10 Simple Church Communication Best Practices

Good communication is a vital part of a healthy church. The more informed your congregation is, the more they will participate in your ministries, programs, events, and growth opportunities. And if you effectively communicate with your larger community, more people outside your church will understand who you are and visit your services.

encourage engagement with your congregation

To help you maximize the impact of your message, we’ve pulled together 10 best practices for church communication.

1. Focus on the best communication channels

If your church members don’t use Twitter, you probably shouldn’t, either. Your staff is already stretched thin—why ask them to spend time on a channel that isn’t going to reach the right people? 

Many churches attempt to be on every social media platform, and they use more communication channels than they can keep up with. But if you want to be as effective as possible and use your time wisely, you need to focus on the platforms and channels your congregation (or the community you want to reach) actually uses. 

But you also need to drive them toward the channels that work best for you. Everyone is on Facebook, but that’s probably not the best way for your church to communicate what’s going on. A dedicated church app, on the other hand, is the perfect way to share updates with your congregation—but no one will use it unless you drive them there.

Rather than just going wherever your congregation is, your church should be decisive about what tools you use. Choose the communication platform you can be most effective with, and get your congregation to use it.

2. Use your app to support what you say in person

When you see your congregation every week, it’s easy to assume they’ve already heard your announcements and that they know what’s going on in your church. Some churches wind up with a pretty big disconnect between the information they communicate in person during the service and the information that’s available on their church app.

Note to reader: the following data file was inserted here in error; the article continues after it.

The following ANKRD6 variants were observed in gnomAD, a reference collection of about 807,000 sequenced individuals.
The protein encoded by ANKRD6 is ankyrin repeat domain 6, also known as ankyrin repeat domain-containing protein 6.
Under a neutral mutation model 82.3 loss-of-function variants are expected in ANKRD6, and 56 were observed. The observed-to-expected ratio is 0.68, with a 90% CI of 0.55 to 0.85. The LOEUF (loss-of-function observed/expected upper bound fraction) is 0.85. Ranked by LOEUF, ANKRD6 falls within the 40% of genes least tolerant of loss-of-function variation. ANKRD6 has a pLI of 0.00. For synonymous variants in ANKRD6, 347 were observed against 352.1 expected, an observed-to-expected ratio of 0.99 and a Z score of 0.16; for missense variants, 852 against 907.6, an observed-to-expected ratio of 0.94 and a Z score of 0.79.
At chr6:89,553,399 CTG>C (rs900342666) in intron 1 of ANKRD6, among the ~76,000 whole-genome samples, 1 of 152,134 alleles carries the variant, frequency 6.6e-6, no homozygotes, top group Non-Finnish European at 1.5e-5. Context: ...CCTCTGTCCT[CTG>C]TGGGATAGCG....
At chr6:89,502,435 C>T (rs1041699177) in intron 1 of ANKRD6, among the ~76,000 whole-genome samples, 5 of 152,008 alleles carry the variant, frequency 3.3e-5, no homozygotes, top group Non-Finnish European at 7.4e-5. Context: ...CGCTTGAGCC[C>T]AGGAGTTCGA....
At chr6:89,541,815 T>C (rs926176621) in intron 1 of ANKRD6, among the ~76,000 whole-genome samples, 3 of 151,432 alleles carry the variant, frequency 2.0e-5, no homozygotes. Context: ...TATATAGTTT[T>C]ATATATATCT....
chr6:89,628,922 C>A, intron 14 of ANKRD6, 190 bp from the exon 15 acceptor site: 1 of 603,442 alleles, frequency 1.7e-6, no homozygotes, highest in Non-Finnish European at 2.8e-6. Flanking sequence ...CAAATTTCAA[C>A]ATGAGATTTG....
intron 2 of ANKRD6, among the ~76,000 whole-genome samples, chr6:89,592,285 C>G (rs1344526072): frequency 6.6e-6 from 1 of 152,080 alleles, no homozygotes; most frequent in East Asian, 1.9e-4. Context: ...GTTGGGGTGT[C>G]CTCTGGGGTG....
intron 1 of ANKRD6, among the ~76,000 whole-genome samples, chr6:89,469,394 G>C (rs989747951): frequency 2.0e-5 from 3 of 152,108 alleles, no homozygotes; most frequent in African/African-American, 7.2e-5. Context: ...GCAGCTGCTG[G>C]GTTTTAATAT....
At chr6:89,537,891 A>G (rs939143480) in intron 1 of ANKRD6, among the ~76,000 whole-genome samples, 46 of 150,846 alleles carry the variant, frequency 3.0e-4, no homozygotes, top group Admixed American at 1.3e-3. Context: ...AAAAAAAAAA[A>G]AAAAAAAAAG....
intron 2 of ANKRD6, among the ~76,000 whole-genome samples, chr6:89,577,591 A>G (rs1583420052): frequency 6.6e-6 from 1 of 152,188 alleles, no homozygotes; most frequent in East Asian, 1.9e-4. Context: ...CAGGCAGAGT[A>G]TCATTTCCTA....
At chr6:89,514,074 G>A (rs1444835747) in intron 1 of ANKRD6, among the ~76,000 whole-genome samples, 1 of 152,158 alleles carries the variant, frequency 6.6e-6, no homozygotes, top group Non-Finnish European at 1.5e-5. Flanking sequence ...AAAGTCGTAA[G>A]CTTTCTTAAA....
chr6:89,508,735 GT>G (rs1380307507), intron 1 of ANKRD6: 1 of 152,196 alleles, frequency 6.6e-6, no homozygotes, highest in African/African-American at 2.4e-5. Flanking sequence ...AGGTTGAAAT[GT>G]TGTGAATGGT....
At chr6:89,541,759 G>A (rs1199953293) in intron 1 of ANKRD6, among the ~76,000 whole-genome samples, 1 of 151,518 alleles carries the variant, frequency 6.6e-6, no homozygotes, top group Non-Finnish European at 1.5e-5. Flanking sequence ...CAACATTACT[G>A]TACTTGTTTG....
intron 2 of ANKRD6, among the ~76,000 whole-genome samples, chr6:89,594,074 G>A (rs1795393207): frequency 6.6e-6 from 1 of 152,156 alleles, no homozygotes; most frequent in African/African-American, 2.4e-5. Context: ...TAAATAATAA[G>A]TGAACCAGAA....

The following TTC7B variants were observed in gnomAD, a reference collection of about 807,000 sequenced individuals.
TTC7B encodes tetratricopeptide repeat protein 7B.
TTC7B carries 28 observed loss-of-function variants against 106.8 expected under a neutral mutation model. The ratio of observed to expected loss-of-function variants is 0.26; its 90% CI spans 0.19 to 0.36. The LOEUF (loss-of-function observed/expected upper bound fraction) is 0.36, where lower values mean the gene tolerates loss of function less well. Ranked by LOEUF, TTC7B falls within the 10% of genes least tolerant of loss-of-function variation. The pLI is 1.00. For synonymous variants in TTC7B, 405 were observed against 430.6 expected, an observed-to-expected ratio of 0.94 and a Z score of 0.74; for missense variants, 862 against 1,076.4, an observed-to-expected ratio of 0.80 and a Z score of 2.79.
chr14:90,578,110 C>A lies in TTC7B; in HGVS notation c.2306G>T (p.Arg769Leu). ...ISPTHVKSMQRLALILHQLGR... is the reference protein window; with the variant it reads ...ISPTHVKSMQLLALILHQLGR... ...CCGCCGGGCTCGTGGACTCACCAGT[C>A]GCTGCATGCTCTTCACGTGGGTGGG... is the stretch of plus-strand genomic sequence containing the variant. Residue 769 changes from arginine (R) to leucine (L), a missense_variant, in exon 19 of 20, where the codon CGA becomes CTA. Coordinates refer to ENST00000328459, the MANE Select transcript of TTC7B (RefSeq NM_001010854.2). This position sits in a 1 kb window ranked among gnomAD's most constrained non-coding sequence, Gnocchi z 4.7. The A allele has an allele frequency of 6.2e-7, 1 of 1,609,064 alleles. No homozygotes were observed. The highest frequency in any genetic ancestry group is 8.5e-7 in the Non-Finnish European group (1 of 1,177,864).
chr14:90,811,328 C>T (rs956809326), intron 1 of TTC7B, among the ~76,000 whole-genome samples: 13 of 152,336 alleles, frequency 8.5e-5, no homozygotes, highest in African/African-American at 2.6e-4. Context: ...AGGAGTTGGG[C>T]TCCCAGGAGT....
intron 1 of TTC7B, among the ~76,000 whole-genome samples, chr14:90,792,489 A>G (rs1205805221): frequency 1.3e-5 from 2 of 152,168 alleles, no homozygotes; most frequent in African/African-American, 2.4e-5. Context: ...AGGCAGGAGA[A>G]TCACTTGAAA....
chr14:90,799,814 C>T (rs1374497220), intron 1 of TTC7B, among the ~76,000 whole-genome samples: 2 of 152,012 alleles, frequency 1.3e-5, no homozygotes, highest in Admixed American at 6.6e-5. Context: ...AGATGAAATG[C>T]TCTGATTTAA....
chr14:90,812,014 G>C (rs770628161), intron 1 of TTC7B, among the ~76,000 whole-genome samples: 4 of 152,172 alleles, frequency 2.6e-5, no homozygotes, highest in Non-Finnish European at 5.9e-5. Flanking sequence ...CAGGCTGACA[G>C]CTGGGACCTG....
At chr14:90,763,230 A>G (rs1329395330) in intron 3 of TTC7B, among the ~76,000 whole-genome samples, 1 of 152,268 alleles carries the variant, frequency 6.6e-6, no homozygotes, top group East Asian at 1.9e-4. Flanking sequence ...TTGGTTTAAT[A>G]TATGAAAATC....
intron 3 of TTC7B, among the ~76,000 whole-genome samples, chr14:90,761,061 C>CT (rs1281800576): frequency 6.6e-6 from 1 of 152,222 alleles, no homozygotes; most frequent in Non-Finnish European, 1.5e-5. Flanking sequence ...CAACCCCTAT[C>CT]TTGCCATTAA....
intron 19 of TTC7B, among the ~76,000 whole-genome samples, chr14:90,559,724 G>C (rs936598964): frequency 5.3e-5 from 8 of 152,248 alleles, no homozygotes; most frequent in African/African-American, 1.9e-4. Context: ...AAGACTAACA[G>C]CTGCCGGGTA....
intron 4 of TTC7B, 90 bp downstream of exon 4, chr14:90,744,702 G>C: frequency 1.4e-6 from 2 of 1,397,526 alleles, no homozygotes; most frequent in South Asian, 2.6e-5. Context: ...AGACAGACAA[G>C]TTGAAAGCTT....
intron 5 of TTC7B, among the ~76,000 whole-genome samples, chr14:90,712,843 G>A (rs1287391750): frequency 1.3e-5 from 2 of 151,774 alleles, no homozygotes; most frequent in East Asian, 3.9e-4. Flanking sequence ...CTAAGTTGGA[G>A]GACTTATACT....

Your church app should emphasize the same things you talk about during your service, whether that’s an event, ministry, or anything else you want your congregation to know about or get involved in.

3. Re-engage church members and visitors with ads

Ads are a great tool to drive people to specific pages of your website. You can target your Facebook ads to people who have filled out communication cards and given you their email, or people who have visited your website recently. You could even make your ads specific to people who recently visited your livestream.

If you only communicate via email or social media, you’re going to miss opportunities to engage people who are connected to your church. Advertising can help you reach people who otherwise slip through the cracks of your mass communications.

4. Listen to your audience

Whether it happens from the pulpit, via email, through direct mail, or on social media, mass communication often goes one way. You say something, and your congregation listens. But if you want to communicate effectively, you need to create opportunities to listen to your congregation as well. What are their desires for your church, your community, and their role within it? What has their experience been like with your ministries and programs? How do they want to grow?

You can create in-person opportunities for people to share, but you’ll hear from more people if it’s convenient for them to share their thoughts. With Pushpay, you can use Attitude Polls to get feedback from anyone who has your church app. You can ask anything you want, and you can frame how you’d like church members to respond or just let them fill-in-the-blank.